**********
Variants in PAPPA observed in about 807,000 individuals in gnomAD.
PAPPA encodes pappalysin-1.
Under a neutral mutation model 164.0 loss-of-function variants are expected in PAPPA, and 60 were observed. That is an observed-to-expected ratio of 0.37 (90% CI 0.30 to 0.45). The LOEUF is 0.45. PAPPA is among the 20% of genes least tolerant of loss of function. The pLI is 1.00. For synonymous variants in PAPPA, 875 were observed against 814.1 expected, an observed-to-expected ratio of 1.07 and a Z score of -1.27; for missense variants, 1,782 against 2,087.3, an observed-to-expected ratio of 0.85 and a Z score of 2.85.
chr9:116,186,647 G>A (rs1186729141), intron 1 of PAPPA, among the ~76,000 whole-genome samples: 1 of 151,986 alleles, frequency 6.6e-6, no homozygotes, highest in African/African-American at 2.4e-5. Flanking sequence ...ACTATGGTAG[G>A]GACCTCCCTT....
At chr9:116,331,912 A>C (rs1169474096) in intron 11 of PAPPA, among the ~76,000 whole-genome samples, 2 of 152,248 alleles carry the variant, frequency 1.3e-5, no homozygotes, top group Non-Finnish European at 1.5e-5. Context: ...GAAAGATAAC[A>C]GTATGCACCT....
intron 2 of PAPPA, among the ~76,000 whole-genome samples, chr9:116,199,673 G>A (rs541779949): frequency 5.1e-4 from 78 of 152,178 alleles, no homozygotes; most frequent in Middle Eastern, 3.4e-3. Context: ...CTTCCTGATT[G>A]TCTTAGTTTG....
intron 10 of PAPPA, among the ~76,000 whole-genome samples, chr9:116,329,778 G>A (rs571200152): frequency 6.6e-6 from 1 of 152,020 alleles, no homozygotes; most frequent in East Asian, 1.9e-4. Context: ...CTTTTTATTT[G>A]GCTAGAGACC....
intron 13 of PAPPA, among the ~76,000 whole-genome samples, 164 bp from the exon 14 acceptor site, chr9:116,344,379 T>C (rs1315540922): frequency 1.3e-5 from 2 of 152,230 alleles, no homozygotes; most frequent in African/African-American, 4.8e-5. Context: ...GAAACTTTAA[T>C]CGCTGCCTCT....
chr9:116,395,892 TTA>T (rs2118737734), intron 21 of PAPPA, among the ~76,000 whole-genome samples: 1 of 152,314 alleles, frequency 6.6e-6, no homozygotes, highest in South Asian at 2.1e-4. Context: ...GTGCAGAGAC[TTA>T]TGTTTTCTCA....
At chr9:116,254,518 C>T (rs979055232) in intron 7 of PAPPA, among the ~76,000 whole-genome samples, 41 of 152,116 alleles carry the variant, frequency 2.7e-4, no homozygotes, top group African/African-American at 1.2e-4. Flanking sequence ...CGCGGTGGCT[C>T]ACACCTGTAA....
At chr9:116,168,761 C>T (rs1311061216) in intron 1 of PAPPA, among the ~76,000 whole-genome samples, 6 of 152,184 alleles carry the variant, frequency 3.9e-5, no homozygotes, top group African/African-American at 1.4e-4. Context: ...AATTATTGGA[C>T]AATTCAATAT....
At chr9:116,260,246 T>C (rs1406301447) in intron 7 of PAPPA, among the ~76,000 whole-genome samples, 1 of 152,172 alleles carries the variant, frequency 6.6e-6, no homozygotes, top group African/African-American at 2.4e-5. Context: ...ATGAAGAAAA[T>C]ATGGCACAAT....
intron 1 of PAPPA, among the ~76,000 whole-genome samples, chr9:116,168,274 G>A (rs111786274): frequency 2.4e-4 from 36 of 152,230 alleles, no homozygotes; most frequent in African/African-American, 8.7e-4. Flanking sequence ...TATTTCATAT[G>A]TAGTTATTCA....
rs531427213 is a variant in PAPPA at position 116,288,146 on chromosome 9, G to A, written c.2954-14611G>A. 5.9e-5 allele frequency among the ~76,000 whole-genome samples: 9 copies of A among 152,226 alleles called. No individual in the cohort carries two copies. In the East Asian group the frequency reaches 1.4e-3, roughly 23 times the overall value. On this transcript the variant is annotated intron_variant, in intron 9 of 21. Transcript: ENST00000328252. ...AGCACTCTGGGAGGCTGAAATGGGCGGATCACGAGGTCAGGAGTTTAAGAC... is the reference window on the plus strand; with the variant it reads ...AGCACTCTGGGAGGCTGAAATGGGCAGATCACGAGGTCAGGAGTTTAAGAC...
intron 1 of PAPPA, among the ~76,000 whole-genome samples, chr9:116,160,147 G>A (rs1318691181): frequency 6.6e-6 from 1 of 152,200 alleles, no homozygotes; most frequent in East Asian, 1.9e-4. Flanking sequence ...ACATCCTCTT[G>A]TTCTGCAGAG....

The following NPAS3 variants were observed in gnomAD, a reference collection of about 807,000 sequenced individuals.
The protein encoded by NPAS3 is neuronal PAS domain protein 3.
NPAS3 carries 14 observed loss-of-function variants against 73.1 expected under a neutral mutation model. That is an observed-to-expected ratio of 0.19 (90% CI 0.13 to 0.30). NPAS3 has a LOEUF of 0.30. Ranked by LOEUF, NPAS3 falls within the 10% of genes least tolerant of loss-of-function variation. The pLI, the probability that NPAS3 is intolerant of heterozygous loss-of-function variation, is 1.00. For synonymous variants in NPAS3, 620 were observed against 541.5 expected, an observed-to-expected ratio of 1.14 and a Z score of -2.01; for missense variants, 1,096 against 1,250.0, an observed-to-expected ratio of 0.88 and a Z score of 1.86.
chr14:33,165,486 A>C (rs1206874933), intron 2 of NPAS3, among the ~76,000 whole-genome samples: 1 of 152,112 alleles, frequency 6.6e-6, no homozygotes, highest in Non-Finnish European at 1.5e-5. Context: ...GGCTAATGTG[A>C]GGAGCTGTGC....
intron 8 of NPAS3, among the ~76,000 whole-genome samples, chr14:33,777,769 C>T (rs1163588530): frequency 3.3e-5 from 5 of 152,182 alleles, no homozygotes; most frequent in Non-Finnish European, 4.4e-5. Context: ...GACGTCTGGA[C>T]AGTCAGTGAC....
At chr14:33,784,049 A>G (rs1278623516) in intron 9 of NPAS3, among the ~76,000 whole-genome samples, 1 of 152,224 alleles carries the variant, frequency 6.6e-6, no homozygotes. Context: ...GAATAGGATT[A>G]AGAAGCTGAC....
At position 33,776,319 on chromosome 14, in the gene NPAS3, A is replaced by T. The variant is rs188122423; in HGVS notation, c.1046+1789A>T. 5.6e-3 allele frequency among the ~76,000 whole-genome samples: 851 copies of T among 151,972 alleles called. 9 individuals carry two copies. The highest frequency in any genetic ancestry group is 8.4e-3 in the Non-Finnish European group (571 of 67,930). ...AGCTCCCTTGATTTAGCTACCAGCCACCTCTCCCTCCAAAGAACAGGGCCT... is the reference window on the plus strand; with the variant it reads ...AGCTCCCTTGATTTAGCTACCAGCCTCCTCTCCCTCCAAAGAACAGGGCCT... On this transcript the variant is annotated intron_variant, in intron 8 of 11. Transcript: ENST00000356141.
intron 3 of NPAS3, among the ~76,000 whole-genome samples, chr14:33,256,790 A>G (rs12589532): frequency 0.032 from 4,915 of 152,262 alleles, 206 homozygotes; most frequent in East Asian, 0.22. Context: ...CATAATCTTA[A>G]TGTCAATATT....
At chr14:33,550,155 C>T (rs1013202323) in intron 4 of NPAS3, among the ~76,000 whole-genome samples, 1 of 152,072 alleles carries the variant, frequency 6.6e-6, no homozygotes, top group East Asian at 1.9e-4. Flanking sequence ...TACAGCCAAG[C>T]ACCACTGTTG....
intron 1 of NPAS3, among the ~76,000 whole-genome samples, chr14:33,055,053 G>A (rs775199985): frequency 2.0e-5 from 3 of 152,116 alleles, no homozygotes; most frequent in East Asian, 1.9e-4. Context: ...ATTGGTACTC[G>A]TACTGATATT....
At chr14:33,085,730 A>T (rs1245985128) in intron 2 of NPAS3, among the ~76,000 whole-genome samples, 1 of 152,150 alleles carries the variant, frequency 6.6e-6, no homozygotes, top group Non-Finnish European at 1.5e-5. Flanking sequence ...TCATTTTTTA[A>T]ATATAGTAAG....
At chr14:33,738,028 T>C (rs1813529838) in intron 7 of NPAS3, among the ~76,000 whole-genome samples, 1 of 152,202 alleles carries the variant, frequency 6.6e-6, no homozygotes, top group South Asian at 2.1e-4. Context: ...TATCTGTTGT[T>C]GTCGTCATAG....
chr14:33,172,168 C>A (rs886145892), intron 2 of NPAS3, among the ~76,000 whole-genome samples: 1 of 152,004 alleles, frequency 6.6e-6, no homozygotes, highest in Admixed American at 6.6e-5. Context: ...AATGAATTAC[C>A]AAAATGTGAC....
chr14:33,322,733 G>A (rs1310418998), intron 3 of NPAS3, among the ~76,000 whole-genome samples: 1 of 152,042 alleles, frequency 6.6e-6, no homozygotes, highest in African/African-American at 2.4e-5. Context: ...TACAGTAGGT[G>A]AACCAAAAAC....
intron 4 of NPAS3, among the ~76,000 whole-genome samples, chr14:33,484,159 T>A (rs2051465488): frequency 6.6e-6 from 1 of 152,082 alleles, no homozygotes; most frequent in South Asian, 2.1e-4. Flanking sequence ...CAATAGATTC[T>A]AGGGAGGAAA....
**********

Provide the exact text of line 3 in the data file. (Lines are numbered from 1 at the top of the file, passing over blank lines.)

Under a neutral mutation model 164.0 loss-of-function variants are expected in PAPPA, and 60 were observed. That is an observed-to-expected ratio of 0.37 (90% CI 0.30 to 0.45). The LOEUF is 0.45. PAPPA is among the 20% of genes least tolerant of loss of function. The pLI is 1.00. For synonymous variants in PAPPA, 875 were observed against 814.1 expected, an observed-to-expected ratio of 1.07 and a Z score of -1.27; for missense variants, 1,782 against 2,087.3, an observed-to-expected ratio of 0.85 and a Z score of 2.85.